Quintus Anicius Faustus

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Quintus Anicius Faustus (fl. late 2nd century – early 3rd century AD) was a Roman military officer and senator who was appointed suffect consul in AD 198.

Biography[edit]

Faustus' campaigning between 197 and 202 greatly contributed to the expansion of the Limes Tripolitanus.

Born either in Uzappa in the province of Numidia, or in Praeneste in Italia, it has been speculated that Anicius Faustus was possibly the son of a Sextus Anicius Saturninus and Seia Maxima. A member of the third century gens Anicia and a novus homo, Faustus was appointed the Legatus Augusti pro praetore (or imperial governor) of the province of Numidia by the emperor Septimius Severus, a position he held from AD 197 – 201. During this time he built several defensive forts of the Limes Tripolitanus, in southern Numidia and in Tripolitania,[1] in order to protect the province from the raids of nomadic tribes.

Anicius Faustus was appointed consul suffectus in absentia in AD 198, while serving in Numidia.[2] This was followed by his posting as Legatus Augusti pro praetore of Moesia Superior, which he may have held from possibly AD 202 to 205. He then fell out of favour with Septimius Severus, and this continued through Caracalla’s reign, possibly due to his close working relationship with Gaius Fulvius Plautianus, who was executed for plotting to overthrow the Severan Dynasty.[3] It wasn’t until the reign of Macrinus that he returned to favour, with his appointment as the proconsular governor of Asia, replacing Gaius Julius Asper, a post which he held for two consecutive years, from AD 217 – 219.[4] His prorogation was made at the expense of the distinguished Aufidius Fronto, whom Macrinus wanted to humiliate.[5]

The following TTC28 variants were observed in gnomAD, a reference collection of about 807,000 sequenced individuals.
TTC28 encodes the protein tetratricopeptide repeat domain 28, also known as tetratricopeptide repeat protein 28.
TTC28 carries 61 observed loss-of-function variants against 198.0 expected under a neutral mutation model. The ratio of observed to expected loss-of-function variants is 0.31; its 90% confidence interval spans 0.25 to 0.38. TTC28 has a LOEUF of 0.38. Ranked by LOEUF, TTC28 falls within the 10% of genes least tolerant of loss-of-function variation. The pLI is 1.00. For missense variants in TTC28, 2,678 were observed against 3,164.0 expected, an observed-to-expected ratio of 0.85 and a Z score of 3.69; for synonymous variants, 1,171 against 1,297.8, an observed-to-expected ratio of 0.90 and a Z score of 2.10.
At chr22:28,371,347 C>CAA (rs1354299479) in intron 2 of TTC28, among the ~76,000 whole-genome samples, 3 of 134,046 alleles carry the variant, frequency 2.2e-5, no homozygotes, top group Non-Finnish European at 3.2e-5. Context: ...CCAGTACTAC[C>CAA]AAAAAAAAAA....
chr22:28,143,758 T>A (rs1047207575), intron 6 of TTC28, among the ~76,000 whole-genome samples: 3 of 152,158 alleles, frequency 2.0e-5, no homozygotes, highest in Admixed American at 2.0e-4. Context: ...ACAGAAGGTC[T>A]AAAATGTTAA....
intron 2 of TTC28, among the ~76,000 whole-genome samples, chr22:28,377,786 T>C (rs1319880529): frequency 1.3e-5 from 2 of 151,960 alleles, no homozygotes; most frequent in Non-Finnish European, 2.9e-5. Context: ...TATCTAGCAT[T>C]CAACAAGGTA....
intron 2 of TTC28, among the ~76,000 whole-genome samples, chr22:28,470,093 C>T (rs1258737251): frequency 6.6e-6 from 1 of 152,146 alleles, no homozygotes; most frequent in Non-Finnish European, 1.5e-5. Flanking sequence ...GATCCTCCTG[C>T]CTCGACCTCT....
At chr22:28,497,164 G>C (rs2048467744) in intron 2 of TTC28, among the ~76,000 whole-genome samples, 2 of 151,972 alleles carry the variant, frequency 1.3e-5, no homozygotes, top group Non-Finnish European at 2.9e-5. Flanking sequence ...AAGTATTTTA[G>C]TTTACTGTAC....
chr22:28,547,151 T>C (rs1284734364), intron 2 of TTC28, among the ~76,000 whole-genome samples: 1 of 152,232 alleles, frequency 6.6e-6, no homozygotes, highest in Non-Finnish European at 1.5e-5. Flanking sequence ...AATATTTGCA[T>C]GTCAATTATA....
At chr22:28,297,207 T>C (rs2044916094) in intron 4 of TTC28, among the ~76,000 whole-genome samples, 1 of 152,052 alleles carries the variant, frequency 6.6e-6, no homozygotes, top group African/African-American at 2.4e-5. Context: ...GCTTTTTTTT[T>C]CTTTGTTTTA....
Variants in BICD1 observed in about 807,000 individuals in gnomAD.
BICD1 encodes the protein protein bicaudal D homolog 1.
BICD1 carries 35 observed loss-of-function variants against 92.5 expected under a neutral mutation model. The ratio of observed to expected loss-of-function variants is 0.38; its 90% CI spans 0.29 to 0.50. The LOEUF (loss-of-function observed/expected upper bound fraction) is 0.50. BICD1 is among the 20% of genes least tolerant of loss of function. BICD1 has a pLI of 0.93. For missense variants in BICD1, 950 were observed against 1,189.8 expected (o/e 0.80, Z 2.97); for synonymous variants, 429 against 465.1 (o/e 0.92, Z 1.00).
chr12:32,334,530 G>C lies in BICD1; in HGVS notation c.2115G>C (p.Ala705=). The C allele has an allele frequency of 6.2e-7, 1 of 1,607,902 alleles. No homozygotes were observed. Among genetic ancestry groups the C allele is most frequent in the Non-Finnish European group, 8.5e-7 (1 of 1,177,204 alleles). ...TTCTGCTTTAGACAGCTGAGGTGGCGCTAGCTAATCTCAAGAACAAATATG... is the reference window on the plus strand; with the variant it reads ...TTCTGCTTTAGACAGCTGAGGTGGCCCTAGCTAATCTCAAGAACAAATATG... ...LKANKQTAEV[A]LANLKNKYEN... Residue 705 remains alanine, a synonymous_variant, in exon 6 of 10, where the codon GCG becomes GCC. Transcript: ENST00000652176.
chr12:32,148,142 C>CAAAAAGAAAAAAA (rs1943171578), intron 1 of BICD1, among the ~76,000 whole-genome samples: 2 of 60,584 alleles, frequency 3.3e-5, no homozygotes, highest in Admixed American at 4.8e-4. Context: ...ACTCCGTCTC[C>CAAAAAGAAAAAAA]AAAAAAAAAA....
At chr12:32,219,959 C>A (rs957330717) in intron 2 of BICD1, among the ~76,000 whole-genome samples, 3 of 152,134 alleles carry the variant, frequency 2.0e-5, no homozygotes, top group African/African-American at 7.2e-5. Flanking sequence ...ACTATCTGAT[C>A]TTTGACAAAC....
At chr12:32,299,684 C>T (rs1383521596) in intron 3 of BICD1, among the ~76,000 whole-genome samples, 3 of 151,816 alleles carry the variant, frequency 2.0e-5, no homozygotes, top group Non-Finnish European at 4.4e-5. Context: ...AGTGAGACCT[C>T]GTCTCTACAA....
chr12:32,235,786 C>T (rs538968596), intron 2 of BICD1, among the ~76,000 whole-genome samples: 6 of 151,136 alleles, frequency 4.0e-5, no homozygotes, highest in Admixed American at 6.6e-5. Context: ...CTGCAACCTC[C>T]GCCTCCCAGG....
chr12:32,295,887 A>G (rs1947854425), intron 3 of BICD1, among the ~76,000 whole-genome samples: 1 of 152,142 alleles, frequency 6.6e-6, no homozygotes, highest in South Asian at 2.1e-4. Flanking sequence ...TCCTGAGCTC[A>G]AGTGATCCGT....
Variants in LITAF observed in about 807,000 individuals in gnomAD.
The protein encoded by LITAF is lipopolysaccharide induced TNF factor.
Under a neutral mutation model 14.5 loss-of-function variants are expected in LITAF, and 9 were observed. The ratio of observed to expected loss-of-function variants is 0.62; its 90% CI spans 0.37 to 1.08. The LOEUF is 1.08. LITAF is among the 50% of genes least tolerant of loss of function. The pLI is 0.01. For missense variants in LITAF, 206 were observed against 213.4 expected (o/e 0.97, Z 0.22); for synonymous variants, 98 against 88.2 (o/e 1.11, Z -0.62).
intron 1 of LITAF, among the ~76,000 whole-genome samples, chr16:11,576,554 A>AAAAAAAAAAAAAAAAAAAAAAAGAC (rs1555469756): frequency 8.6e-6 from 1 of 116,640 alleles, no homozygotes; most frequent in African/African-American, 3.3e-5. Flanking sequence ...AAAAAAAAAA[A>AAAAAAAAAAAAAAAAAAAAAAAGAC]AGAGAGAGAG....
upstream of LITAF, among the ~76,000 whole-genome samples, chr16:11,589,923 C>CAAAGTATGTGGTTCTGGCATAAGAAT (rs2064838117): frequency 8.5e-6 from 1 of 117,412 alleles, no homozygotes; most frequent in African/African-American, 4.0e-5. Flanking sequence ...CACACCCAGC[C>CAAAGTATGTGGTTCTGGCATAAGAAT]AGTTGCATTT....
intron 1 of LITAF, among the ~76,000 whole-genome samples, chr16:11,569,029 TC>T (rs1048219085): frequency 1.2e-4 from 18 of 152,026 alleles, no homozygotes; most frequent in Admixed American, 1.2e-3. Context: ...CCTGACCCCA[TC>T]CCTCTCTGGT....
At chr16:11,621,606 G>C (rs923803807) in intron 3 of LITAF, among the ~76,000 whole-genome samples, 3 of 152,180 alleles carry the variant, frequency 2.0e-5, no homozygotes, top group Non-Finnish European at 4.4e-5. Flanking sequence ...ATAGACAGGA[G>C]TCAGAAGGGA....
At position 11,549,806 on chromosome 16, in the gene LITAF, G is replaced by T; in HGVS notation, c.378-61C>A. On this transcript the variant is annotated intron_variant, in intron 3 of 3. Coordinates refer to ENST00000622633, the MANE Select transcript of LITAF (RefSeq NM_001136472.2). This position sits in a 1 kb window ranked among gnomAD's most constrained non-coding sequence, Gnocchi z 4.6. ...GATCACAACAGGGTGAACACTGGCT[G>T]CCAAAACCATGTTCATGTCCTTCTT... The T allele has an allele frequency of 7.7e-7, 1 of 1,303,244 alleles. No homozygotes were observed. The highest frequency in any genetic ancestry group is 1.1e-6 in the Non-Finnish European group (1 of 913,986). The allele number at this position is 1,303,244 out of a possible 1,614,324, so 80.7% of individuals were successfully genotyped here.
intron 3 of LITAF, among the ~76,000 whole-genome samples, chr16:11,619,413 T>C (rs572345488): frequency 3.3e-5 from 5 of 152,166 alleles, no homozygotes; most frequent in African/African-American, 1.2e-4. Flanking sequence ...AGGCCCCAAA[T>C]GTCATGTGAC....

Anicius Faustus is speculated to have married either a Vesia Rustica or a Sergia Paulla, daughter of a Lucius Sergius Paullus. He probably had at least one son, Quintus Anicius Faustus Paulinus, who was a suffect consul sometime before AD 230.

Political offices
Preceded by
Publius Martius Sergius Saturninus or
Lucius Aurelius Gallus
Consul suffectus in absentia of the Roman Empire
198
with unknown
Succeeded by
Publius Cornelius Anullinus II
Marcus Aufidius Fronto

Sources[edit]

  • Mennen, Inge, Power and Status in the Roman Empire, AD 193-284 (2011)
  • Pat Southern, Roman Empire from Severus to Constantine, Routledge, 2001, ISBN 0-203-45159-7, pp. 45, 295.
  • Christian Settipani, Continuite Gentilice et Continuite Familiale Dans Les Familles Senatoriales Romaines, A L'Epoque Imperiale, Mythe et Realite. Linacre, UK: Prosopographica et Genealogica, 2000. ILL. NYPL ASY (Rome) 03-983.

Notes[edit]

  1. ^ Among which were Bu Ngem (30°34′42.75″N 15°24′48.66″E / 30.5785417°N 15.4135167°E / 30.5785417; 15.4135167 (Bu Ngem)), Gheria (30°23′36.0″N 13°35′36.0″E / 30.393333°N 13.593333°E / 30.393333; 13.593333 (Gheria)) and Ghadames (30°08′30.0″N 9°30′30.0″E / 30.141667°N 9.508333°E / 30.141667; 9.508333 (Ghadames)) (J.S. Wacher, The Roman world, Volume 1, Taylor & Francis, 2002, ISBN 0-415-26315-8, pp. 252-3).
  2. ^ CIL VIII, 2550; Arnhiem, M. T. W., The Senatorial Aristocracy in the Later Roman Empire (1972), pg. 109
  3. ^ Mennen, pg. 86
  4. ^ Cassius Dio, 78.22.4.
  5. ^ Mennen, pg. 88